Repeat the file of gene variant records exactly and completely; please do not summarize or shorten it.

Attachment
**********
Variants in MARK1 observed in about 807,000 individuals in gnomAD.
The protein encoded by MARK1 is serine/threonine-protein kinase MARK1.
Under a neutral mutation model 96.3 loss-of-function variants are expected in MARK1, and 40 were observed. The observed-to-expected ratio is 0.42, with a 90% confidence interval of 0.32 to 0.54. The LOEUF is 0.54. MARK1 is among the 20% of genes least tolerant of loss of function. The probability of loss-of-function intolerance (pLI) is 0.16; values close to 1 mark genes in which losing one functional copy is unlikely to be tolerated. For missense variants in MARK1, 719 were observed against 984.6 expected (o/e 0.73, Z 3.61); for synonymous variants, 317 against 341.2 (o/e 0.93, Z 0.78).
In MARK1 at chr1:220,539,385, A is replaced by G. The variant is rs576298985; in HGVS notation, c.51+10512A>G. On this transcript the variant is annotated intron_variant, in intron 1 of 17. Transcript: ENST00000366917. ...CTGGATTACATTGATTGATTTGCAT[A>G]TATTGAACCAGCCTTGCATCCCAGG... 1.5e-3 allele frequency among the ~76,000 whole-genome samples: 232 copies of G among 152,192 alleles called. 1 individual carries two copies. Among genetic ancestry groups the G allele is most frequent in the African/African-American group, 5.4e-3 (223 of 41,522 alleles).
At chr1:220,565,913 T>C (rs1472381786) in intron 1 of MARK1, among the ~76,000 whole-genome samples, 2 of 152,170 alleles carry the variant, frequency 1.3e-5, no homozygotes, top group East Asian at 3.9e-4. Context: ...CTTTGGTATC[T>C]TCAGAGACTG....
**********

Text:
Variants in MARK1 observed in about 807,000 individuals in gnomAD.
The protein encoded by MARK1 is serine/threonine-protein kinase MARK1.
Under a neutral mutation model 96.3 loss-of-function variants are expected in MARK1, and 40 were observed. The observed-to-expected ratio is 0.42, with a 90% confidence interval of 0.32 to 0.54. The LOEUF is 0.54. MARK1 is among the 20% of genes least tolerant of loss of function. The probability of loss-of-function intolerance (pLI) is 0.16; values close to 1 mark genes in which losing one functional copy is unlikely to be tolerated. For missense variants in MARK1, 719 were observed against 984.6 expected (o/e 0.73, Z 3.61); for synonymous variants, 317 against 341.2 (o/e 0.93, Z 0.78).
In MARK1 at chr1:220,539,385, A is replaced by G. The variant is rs576298985; in HGVS notation, c.51+10512A>G. On this transcript the variant is annotated intron_variant, in intron 1 of 17. Transcript: ENST00000366917. ...CTGGATTACATTGATTGATTTGCAT[A>G]TATTGAACCAGCCTTGCATCCCAGG... 1.5e-3 allele frequency among the ~76,000 whole-genome samples: 232 copies of G among 152,192 alleles called. 1 individual carries two copies. Among genetic ancestry groups the G allele is most frequent in the African/African-American group, 5.4e-3 (223 of 41,522 alleles).
At chr1:220,565,913 T>C (rs1472381786) in intron 1 of MARK1, among the ~76,000 whole-genome samples, 2 of 152,170 alleles carry the variant, frequency 1.3e-5, no homozygotes, top group East Asian at 3.9e-4. Context: ...CTTTGGTATC[T>C]TCAGAGACTG....